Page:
KHB: Real-world disk failure rates: surprises, surprises, and more surprises
Posted Jun 14, 2007 7:03 UTC (Thu) by bronson
In reply to: KHB: Real-world disk failure rates: surprises, surprises, and more surprises
Parent article: KHB: Real-world disk failure rates: surprises, surprises, and more surprises
Er, you listen to salespeople at Fry's??
I've only ever managed clusters of disks numbered in the few tens. Overall I find that hard disks are surprisingly reliable. I think most disks fall out of rotation because of a lack of capacity, not because they break. (I still remember how thrilled I was when they fit 20 GB of data in a 3.5" package... today I can fit 50 of those drives into a single 3.5" package!)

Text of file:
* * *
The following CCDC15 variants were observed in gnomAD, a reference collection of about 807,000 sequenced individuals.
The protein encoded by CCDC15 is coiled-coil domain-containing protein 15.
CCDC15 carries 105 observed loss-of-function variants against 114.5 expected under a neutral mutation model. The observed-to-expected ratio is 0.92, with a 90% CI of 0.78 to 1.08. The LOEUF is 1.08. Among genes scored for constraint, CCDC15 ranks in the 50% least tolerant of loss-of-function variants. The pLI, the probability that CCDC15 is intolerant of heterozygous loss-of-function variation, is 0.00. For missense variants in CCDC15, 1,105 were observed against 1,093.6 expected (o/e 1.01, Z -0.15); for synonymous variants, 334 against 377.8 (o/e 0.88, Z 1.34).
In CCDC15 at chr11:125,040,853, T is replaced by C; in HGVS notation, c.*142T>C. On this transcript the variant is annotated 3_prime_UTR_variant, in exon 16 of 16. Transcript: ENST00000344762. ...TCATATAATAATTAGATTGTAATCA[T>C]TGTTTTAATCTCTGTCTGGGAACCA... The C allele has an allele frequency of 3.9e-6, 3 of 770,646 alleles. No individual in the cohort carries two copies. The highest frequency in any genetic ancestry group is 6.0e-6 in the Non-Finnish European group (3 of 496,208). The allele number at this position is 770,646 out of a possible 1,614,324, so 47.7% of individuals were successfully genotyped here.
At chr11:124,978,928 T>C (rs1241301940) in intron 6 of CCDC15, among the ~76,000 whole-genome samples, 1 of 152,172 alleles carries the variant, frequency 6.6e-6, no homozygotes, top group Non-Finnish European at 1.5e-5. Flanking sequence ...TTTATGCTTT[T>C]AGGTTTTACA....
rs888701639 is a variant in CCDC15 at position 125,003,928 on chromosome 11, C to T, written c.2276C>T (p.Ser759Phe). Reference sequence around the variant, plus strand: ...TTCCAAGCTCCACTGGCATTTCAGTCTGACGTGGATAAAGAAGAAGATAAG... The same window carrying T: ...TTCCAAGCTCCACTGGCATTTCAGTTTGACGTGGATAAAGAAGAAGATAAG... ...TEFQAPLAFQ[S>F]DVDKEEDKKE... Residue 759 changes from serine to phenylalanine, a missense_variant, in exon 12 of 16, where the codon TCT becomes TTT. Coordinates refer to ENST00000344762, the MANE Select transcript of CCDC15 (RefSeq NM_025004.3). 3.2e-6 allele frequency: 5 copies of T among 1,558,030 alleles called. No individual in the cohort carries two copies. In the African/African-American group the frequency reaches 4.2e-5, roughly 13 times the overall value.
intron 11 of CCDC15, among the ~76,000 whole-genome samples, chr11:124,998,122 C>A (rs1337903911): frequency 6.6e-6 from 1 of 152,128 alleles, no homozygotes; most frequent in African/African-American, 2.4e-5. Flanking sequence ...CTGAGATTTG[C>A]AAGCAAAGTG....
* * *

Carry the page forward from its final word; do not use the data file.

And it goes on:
One lesson that I've learned is that manufacturer loyalty is pretty much meaningless. I had an early batch of Quantum 15G drives that were so stone-cold reliable I'm sure they would still be working today. However, Quantum Fireballs would reliably die after two years. I remember Maxtor producing utter crap in the past but I have a set of their 60GB drives still spinning. Seagate used to be fairly mediocre and now they're top notch across the board. When deciding what drive to buy, go to Storage Review and read about the individual models; brand is meaningless.
I also find that motherboard failures (i.e. CPU or memory socket corrosion, weak power supply, etc) tends to destroy the drive as well. I read the Google paper back in Feb and I don't remember them taking this into account... It would be nice to know what portion of failures were drive-only, and what portion was chaotic damage that just happened to include the drive as well.
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